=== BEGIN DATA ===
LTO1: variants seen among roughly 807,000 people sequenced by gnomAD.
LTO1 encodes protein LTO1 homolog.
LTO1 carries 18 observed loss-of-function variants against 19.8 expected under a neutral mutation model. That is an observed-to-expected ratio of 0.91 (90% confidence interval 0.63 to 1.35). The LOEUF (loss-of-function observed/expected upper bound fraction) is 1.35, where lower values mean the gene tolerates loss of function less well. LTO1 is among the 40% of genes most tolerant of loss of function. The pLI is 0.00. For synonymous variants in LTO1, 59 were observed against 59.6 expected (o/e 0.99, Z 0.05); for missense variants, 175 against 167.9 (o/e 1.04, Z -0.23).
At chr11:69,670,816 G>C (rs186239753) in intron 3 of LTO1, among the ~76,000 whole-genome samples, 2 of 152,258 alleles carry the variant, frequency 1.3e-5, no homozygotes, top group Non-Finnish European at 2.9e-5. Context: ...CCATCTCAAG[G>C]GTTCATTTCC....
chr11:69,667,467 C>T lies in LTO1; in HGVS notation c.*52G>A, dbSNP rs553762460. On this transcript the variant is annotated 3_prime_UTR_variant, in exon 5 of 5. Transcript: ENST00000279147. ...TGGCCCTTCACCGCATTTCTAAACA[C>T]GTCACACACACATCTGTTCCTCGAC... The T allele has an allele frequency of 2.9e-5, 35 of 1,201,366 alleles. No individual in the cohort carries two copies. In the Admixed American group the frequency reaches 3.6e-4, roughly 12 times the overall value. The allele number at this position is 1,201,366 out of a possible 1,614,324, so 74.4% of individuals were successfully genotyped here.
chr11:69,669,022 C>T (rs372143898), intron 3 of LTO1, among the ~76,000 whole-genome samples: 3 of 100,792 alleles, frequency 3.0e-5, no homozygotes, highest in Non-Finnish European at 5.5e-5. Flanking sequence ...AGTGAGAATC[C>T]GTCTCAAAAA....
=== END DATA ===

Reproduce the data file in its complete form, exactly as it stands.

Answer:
LTO1: variants seen among roughly 807,000 people sequenced by gnomAD.
LTO1 encodes protein LTO1 homolog.
LTO1 carries 18 observed loss-of-function variants against 19.8 expected under a neutral mutation model. That is an observed-to-expected ratio of 0.91 (90% confidence interval 0.63 to 1.35). The LOEUF (loss-of-function observed/expected upper bound fraction) is 1.35, where lower values mean the gene tolerates loss of function less well. LTO1 is among the 40% of genes most tolerant of loss of function. The pLI is 0.00. For synonymous variants in LTO1, 59 were observed against 59.6 expected (o/e 0.99, Z 0.05); for missense variants, 175 against 167.9 (o/e 1.04, Z -0.23).
At chr11:69,670,816 G>C (rs186239753) in intron 3 of LTO1, among the ~76,000 whole-genome samples, 2 of 152,258 alleles carry the variant, frequency 1.3e-5, no homozygotes, top group Non-Finnish European at 2.9e-5. Context: ...CCATCTCAAG[G>C]GTTCATTTCC....
chr11:69,667,467 C>T lies in LTO1; in HGVS notation c.*52G>A, dbSNP rs553762460. On this transcript the variant is annotated 3_prime_UTR_variant, in exon 5 of 5. Transcript: ENST00000279147. ...TGGCCCTTCACCGCATTTCTAAACA[C>T]GTCACACACACATCTGTTCCTCGAC... The T allele has an allele frequency of 2.9e-5, 35 of 1,201,366 alleles. No individual in the cohort carries two copies. In the Admixed American group the frequency reaches 3.6e-4, roughly 12 times the overall value. The allele number at this position is 1,201,366 out of a possible 1,614,324, so 74.4% of individuals were successfully genotyped here.
chr11:69,669,022 C>T (rs372143898), intron 3 of LTO1, among the ~76,000 whole-genome samples: 3 of 100,792 alleles, frequency 3.0e-5, no homozygotes, highest in Non-Finnish European at 5.5e-5. Flanking sequence ...AGTGAGAATC[C>T]GTCTCAAAAA....